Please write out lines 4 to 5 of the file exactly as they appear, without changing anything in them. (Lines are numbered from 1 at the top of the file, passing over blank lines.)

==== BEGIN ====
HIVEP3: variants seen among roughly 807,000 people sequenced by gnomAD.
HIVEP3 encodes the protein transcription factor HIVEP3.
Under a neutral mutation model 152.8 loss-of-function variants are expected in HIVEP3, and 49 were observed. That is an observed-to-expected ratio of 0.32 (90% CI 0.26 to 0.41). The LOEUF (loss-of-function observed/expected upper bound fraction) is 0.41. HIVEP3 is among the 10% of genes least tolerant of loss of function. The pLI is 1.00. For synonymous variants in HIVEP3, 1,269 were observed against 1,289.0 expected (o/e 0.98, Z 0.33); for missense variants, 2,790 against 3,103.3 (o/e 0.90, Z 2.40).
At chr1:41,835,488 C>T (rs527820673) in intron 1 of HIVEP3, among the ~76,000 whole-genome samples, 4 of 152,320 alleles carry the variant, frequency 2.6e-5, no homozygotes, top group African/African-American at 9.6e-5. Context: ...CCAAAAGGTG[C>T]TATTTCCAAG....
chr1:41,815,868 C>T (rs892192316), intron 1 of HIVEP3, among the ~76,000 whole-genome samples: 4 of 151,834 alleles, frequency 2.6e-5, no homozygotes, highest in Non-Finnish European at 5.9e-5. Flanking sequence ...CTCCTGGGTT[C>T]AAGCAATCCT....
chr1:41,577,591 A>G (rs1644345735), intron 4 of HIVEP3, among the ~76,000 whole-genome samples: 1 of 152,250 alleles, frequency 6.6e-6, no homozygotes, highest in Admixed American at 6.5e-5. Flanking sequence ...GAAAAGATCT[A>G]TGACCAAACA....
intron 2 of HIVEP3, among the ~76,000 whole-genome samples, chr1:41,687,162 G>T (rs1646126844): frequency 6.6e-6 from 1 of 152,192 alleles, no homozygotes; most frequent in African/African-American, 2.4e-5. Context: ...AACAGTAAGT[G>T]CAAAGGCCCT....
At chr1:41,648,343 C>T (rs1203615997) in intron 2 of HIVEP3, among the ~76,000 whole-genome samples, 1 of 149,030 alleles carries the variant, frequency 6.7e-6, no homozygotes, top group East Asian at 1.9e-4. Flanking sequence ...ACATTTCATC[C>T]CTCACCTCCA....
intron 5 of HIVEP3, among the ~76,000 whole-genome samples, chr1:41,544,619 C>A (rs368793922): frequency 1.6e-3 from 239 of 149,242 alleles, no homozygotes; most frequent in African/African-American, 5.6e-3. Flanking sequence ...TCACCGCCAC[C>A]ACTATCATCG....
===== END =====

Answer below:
At chr1:41,835,488 C>T (rs527820673) in intron 1 of HIVEP3, among the ~76,000 whole-genome samples, 4 of 152,320 alleles carry the variant, frequency 2.6e-5, no homozygotes, top group African/African-American at 9.6e-5. Context: ...CCAAAAGGTG[C>T]TATTTCCAAG....
chr1:41,815,868 C>T (rs892192316), intron 1 of HIVEP3, among the ~76,000 whole-genome samples: 4 of 151,834 alleles, frequency 2.6e-5, no homozygotes, highest in Non-Finnish European at 5.9e-5. Flanking sequence ...CTCCTGGGTT[C>T]AAGCAATCCT....